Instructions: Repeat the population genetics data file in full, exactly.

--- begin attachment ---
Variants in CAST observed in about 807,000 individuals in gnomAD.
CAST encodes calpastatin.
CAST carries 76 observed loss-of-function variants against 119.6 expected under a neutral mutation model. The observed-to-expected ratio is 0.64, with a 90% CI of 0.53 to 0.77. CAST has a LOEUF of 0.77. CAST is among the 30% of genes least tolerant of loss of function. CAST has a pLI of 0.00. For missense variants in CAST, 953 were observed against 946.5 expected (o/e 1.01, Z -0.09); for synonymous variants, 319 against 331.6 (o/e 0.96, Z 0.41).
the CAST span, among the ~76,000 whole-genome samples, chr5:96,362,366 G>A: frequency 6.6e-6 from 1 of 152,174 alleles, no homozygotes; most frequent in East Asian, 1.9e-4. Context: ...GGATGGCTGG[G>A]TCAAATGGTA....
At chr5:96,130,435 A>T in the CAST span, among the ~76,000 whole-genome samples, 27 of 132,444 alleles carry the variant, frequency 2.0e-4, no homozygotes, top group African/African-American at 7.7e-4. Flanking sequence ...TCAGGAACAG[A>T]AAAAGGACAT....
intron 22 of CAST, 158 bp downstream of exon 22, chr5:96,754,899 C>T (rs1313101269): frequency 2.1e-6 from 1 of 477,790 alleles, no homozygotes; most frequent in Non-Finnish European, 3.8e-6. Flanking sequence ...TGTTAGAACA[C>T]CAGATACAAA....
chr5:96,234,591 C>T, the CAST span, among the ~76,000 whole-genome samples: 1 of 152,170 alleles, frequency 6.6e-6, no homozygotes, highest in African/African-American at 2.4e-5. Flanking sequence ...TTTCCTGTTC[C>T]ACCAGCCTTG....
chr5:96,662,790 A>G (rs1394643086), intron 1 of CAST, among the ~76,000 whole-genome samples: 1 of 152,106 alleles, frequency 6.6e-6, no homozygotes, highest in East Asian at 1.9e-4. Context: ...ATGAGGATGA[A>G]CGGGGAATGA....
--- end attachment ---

Variants in CAST observed in about 807,000 individuals in gnomAD.
CAST encodes calpastatin.
CAST carries 76 observed loss-of-function variants against 119.6 expected under a neutral mutation model. The observed-to-expected ratio is 0.64, with a 90% CI of 0.53 to 0.77. CAST has a LOEUF of 0.77. CAST is among the 30% of genes least tolerant of loss of function. CAST has a pLI of 0.00. For missense variants in CAST, 953 were observed against 946.5 expected (o/e 1.01, Z -0.09); for synonymous variants, 319 against 331.6 (o/e 0.96, Z 0.41).
the CAST span, among the ~76,000 whole-genome samples, chr5:96,362,366 G>A: frequency 6.6e-6 from 1 of 152,174 alleles, no homozygotes; most frequent in East Asian, 1.9e-4. Context: ...GGATGGCTGG[G>A]TCAAATGGTA....
At chr5:96,130,435 A>T in the CAST span, among the ~76,000 whole-genome samples, 27 of 132,444 alleles carry the variant, frequency 2.0e-4, no homozygotes, top group African/African-American at 7.7e-4. Flanking sequence ...TCAGGAACAG[A>T]AAAAGGACAT....
intron 22 of CAST, 158 bp downstream of exon 22, chr5:96,754,899 C>T (rs1313101269): frequency 2.1e-6 from 1 of 477,790 alleles, no homozygotes; most frequent in Non-Finnish European, 3.8e-6. Flanking sequence ...TGTTAGAACA[C>T]CAGATACAAA....
chr5:96,234,591 C>T, the CAST span, among the ~76,000 whole-genome samples: 1 of 152,170 alleles, frequency 6.6e-6, no homozygotes, highest in African/African-American at 2.4e-5. Flanking sequence ...TTTCCTGTTC[C>T]ACCAGCCTTG....
chr5:96,662,790 A>G (rs1394643086), intron 1 of CAST, among the ~76,000 whole-genome samples: 1 of 152,106 alleles, frequency 6.6e-6, no homozygotes, highest in East Asian at 1.9e-4. Context: ...ATGAGGATGA[A>G]CGGGGAATGA....